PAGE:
For those interested in learning more about this particular pairing and the texts I have mentioned, simply follow the link provided to the website that allows others to engage with the same set up as me.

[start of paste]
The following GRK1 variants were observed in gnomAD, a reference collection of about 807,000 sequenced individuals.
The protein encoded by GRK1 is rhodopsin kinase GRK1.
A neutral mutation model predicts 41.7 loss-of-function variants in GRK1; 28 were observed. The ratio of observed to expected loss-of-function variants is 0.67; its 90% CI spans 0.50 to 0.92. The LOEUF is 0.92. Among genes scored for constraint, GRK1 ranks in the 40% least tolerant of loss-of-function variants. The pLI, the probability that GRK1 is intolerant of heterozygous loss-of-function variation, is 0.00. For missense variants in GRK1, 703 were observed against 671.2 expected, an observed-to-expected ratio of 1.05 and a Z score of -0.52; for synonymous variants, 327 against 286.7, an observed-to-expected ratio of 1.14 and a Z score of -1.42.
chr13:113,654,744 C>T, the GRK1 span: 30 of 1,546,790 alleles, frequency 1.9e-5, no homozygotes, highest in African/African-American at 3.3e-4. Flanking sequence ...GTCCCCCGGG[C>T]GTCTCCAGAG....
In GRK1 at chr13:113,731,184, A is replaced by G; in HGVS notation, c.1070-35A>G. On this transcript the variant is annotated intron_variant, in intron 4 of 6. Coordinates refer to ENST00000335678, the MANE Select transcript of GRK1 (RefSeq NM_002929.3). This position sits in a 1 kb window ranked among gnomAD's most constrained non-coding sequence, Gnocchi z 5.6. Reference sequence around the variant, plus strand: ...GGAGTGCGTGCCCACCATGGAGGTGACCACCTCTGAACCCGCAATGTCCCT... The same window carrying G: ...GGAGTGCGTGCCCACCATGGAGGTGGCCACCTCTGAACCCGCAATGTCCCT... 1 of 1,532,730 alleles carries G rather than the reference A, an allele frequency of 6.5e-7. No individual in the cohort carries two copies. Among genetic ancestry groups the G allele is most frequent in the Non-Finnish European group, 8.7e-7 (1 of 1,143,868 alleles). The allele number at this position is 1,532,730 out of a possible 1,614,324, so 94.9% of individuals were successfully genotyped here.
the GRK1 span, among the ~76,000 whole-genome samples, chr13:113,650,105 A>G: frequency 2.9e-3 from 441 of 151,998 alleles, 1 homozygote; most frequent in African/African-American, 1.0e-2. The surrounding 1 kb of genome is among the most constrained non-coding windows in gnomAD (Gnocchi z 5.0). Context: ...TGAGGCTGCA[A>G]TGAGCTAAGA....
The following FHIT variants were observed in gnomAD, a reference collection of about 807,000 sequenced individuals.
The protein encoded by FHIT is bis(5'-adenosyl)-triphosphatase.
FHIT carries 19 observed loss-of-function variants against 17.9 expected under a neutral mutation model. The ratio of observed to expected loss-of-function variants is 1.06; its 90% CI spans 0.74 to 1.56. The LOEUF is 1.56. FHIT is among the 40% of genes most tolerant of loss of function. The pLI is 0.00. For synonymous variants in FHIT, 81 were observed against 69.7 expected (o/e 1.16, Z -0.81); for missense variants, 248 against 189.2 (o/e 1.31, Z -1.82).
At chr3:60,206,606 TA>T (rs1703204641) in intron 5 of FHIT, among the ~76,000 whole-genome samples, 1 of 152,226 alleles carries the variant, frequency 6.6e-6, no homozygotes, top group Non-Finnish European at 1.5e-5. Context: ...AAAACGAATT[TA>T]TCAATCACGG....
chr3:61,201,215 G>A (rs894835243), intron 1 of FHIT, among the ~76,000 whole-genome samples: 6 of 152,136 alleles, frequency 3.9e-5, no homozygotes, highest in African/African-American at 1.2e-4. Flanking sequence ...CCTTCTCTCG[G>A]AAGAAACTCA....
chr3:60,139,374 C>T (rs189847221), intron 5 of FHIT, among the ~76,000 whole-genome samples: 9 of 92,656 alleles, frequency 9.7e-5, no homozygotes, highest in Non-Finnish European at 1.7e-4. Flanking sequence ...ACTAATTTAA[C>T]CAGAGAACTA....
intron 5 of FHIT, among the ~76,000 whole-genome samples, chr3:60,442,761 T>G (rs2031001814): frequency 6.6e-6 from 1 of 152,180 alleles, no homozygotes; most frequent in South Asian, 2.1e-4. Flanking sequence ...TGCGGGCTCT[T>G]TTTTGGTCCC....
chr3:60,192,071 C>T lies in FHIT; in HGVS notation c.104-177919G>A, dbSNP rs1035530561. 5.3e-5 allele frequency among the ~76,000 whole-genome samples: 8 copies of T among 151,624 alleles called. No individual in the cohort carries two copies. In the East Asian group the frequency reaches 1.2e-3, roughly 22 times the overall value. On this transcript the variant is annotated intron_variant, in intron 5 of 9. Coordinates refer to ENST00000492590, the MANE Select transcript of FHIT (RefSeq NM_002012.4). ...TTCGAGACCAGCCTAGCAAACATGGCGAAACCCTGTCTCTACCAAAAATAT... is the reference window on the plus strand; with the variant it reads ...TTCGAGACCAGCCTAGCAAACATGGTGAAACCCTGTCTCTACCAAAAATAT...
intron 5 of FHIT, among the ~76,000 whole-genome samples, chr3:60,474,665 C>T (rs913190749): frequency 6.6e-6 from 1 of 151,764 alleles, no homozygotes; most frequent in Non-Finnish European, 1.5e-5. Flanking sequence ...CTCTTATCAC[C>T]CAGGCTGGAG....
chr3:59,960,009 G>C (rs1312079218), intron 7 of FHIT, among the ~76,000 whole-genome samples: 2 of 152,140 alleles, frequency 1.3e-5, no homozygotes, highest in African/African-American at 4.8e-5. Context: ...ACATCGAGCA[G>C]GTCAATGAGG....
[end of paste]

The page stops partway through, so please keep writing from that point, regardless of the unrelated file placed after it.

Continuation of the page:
I employed the same selective strategy for the Dean/Castiel (Supernatural) slash fic and landed on “Twist and Shout” by Gabriel/standbyme, which blows the other fics out of the water in terms of hits, kudos and comments. After comparing this fic, according to metadata the most popular one, in Voyant to the other two stories, I found that it has the lowest vocab density and lexical richness (unique word forms in slash: 6,393 versus het: 8,290 and femslash: 8,352). That does not mean, of course, that this story is any less well-written or engaging than any other, but it simply indicates that popularity of a fic is not necessarily related to a particular writing style. The Avengers fic has highest vocab density, but it is noteworthy that it is also partly a slash fic. The overall word most used in all three fics is “Cas”, clearly favoring the appearance of the Supernatural character Castiel above any other. It is difficult to make larger assumptions for different fandoms despite the massive size of these samples. Nonetheless, a further analysis of fan fiction’s lexical richness across time and fandoms might reveal how fan fiction has changed from the first generation to write fan fiction online, maybe even starting from fanzines, to how authors are lexically equipped today and how these changes may have affected the genre and vice versa. For now I am content to leave it at a superficial observation with an eye on future possibilities.